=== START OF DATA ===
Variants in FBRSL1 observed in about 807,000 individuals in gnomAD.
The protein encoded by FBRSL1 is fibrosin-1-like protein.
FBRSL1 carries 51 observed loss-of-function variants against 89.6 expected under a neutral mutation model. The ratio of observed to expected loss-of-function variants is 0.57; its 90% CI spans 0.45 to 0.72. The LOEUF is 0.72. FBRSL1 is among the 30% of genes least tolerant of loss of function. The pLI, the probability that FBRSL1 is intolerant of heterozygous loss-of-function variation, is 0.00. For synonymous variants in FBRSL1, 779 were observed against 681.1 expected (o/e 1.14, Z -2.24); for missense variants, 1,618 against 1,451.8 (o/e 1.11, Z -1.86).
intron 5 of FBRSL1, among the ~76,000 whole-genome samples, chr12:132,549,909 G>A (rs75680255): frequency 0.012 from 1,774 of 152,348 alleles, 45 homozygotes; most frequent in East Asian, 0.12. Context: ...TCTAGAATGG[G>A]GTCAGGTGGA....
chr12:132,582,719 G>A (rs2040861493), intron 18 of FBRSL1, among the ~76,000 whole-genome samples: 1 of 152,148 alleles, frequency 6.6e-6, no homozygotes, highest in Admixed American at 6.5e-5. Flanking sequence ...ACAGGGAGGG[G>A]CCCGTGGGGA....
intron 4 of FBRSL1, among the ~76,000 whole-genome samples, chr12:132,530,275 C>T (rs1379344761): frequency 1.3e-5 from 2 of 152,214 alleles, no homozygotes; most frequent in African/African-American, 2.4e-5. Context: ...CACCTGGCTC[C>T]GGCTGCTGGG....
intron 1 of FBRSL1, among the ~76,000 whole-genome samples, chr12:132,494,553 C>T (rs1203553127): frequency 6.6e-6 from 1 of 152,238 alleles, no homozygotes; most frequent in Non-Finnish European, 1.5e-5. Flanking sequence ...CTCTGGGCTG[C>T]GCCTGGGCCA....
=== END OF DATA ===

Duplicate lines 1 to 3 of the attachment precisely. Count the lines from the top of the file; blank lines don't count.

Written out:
Variants in FBRSL1 observed in about 807,000 individuals in gnomAD.
The protein encoded by FBRSL1 is fibrosin-1-like protein.
FBRSL1 carries 51 observed loss-of-function variants against 89.6 expected under a neutral mutation model. The ratio of observed to expected loss-of-function variants is 0.57; its 90% CI spans 0.45 to 0.72. The LOEUF is 0.72. FBRSL1 is among the 30% of genes least tolerant of loss of function. The pLI, the probability that FBRSL1 is intolerant of heterozygous loss-of-function variation, is 0.00. For synonymous variants in FBRSL1, 779 were observed against 681.1 expected (o/e 1.14, Z -2.24); for missense variants, 1,618 against 1,451.8 (o/e 1.11, Z -1.86).